Spanning six generations (it’s still under the same family ownership), The Excelsior has grown from a beautiful cliff side estate, into a 5-star hotel of dreams.  And for the group’s first day in the Amalfi coast, Marmo arranges a hands on Neapolitan Pizza making demonstration.  For this, I am beyond excited.  Readers of the blog are well aware of our undying infatuation with Pizza.

We are led to a bar around the pool, where there is, indeed, an outdoor brick oven in which wood logs have been burning for about 2 hours in preparation for our class.  Our class is being prepped by the head chef of the hotel, Vincenzo Galano, and a second chef whose name I didn’t get.  They first instruct us as to their method, which is very simple: a 3 hour rise, a little sugar with the yeast, some double zero flour and water.  No overnight rises or complicated gimmicks; it’s very straightforward.  I need to get a closer look to observe the finished product.

And, indeed the dough is softer and fluffier than my freshly shampooed hair.  I had always thought that an overnight rise was essential for that ultra soft feel for pre-cooked pizza dough, but this proved otherwise.  The two man Pizza dream team then instructs us on hand pressing the dough, and lets each of us take a crack at it ourselves.

After the dough is flattened, the sauce is applied, followed by the mozzarella, some grated parmesian, and some olive oil.  It is then transported into the oven, and spun around with some of those extra long pizza peels that I want to decorate my apartment with.

Basil leaves are chopped up and spread onto the pie after it is pulled from the oven, nice and piping hot.  And the final result is wonderful.  The melted mozzarella has a milky, slightly sour, yet fresh tang to it.  The basil supplies a faint, but noticeably minty backdrop.  The cooked dough is beautiful.  Charred on the outside, but chewy and floppy when chomped down upon.  The center of the pie is the way a Neapolitan pie should be: saucy, sloppy, and a tad oily.  Skewering sections of this pie accordion style with my fork is a thing of ease.  Delicious.

The sauce is wonderfully fresh, while the grated parmesan cheese adds a nice, subtle kick not typically included in our New York furnished Neapolitan pies.  Halfway into my pizza, I’m thinking about sneaking Vincenzo and his pizza making sidekick through customs back in Newark so we can dominate the NYC/Neapolitan Pizza scene.  This pie would be easily on par (if not better) with some of well thought of joints in Manhattan.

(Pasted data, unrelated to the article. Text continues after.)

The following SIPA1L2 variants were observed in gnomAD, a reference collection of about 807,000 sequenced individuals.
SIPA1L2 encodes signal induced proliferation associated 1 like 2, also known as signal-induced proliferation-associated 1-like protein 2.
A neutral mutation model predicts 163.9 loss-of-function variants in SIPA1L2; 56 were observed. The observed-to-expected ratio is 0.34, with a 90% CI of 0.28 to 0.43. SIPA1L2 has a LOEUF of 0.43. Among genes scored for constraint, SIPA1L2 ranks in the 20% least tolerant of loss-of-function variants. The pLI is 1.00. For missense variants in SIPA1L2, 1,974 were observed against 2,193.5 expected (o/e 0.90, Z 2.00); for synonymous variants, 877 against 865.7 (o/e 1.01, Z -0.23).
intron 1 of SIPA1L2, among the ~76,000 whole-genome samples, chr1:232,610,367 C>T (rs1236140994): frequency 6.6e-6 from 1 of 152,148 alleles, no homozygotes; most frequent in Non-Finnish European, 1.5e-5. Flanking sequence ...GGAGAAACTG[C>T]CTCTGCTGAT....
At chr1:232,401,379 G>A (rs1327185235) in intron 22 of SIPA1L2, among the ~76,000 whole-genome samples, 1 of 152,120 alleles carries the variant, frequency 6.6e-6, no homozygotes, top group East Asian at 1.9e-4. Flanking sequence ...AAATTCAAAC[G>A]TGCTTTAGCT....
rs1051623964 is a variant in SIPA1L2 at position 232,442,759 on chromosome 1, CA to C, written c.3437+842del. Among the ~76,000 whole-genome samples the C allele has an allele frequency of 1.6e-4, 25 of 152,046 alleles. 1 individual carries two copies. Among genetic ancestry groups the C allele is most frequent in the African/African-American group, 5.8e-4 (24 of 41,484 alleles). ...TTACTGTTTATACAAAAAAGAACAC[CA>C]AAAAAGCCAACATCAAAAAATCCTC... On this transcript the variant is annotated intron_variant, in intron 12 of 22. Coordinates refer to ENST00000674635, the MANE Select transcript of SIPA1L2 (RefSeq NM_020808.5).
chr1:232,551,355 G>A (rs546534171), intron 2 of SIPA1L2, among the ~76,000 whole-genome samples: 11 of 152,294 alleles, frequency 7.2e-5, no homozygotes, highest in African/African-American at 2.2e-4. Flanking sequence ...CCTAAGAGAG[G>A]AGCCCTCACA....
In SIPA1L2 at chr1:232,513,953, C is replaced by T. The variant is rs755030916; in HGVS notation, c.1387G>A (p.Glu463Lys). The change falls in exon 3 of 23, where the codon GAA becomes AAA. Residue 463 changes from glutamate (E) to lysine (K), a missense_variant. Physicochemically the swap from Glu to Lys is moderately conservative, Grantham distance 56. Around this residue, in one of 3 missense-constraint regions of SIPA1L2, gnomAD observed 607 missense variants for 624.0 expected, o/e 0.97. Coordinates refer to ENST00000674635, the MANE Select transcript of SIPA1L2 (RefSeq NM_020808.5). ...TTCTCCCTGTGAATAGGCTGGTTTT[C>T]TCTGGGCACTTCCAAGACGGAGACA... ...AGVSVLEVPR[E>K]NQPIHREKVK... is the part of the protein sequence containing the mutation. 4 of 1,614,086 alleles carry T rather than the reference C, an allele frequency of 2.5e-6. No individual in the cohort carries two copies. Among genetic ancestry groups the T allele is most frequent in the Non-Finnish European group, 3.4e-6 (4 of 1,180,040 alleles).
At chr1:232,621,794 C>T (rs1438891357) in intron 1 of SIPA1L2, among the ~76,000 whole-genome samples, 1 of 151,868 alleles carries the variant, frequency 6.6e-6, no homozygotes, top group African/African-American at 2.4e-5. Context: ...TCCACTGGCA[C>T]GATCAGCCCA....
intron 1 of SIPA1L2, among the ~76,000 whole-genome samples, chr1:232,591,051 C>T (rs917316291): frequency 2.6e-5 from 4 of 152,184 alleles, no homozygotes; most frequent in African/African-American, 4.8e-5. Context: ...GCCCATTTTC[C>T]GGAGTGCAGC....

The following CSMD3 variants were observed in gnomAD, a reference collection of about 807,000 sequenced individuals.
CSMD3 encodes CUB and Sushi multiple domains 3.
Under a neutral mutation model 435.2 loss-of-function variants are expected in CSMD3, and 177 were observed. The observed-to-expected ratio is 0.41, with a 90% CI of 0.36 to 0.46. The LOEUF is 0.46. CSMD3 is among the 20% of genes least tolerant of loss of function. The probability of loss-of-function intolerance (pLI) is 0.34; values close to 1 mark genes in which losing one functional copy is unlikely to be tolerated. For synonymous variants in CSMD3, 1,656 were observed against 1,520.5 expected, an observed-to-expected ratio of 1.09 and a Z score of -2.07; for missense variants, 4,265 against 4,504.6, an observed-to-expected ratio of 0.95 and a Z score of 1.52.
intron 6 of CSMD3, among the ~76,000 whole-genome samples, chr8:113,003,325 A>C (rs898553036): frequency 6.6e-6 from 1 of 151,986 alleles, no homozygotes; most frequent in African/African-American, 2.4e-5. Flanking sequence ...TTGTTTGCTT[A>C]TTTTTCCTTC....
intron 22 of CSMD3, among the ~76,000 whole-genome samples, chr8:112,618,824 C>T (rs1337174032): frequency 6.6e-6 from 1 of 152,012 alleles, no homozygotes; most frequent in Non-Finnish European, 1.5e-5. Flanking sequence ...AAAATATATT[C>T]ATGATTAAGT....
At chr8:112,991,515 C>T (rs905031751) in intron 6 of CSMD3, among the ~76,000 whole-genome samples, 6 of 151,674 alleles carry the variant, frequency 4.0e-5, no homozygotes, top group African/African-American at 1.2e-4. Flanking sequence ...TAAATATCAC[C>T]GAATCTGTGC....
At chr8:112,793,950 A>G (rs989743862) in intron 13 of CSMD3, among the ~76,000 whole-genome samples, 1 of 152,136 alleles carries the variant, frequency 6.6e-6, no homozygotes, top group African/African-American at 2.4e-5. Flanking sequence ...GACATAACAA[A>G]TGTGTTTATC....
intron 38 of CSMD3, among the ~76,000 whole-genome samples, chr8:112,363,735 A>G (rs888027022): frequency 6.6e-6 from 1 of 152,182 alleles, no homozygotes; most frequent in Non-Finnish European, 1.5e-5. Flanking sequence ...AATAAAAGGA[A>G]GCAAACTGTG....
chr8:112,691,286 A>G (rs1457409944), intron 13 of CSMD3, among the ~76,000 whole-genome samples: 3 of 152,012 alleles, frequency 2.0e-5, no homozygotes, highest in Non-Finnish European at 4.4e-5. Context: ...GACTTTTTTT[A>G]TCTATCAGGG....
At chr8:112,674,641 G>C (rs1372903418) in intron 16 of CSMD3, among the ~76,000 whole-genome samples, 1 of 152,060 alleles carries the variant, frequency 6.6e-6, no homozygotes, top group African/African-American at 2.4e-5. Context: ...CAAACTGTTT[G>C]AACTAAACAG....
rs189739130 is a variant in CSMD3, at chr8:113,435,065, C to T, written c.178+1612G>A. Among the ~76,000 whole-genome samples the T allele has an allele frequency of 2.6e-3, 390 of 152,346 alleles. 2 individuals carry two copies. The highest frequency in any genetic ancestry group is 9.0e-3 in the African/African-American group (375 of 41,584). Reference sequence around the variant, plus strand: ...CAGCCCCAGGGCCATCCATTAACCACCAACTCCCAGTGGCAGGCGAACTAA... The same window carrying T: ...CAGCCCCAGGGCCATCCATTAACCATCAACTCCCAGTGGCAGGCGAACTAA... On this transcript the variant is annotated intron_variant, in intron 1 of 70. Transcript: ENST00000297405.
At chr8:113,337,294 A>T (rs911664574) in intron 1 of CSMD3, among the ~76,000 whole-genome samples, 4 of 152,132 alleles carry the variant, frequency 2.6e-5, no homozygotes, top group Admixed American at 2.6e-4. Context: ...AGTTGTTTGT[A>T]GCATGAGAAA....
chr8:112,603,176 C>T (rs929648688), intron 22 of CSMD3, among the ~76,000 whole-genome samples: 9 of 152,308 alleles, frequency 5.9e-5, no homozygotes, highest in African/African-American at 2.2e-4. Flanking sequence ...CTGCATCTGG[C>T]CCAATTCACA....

And with what would be a theme for our stay at the Excelsior, Vicenzo and the rest of the staff could not be nicer.  Everyone got their own apron and chef’s hat, as well as the perfect amount of instruction (neither too much nor too little).  And after an hour or so of being around that oven, what better way to celebrate than to kick back, enjoy a freshly made pizza, some sparkling Pellegrino, a glass of wine, and a view of the Excelsior’s garden of lemon trees?

There is no better way.  Stay tuned in the upcoming weeks for more tales of my trip to the motherland, or feel free to contact Marmo to create some tales of your own.

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There are so many memorable scenes from The Big Lebowski, but my favorite is the intro scene in which the Dude, expertly played by Jeff Bridges, cruises an LA supermarket in his signature bathrobe for the sole purpose of purchasing half and half for his White Russians. He takes a sniff of the carton, and then pays for it with a check.

For those of you unfamiliar, a White Russian is a drink made with half and half, Kahlua and vodka served over ice. It’s sweet and creamy and cold, like a milkshake, just not thick. And I love them.

Recently, I was in South Beach, competing with my team, Full Throttle, in the Nautica Triathlon. Post-race, all the team members were relaxing poolside, replenishing lost calories with a variety of beverages.

One of my teammates passed me a blended ice drink. when I asked what it was, she told me it was a Vonder Slide, which was essentially a White Russian made into a blended, frozen drink, invented by and named after another teammate, Karen.

Upon sampling the beverage, and also drinking someone else’s in its entirety (sorry, Jess), I shouted over to Karen, holding up my cup, “The Vonder Slide is going on he blog!” This was met with what I understood to be enthusiasm at the time, and so here it is:

The Vonder Slide

I decided to make a slightly healthier version (ha!) with almond milk instead of half and half. Don’t get me wrong, I love my half and half.  But I thought I would try a little something different. Turns out, the almond flavor goes very nicely with the Kahlua. It also makes the Vonder Slide accessible to all my lactose intolerant readers – bonus!

What You Need:
Makes 2 -3 drinks
A blender
Ice – 2 scoops
1 cup almond milk (or half and half)
1/4 cup Kahlua
1/4 cup vodka
Strawberries for garnish

What To Do: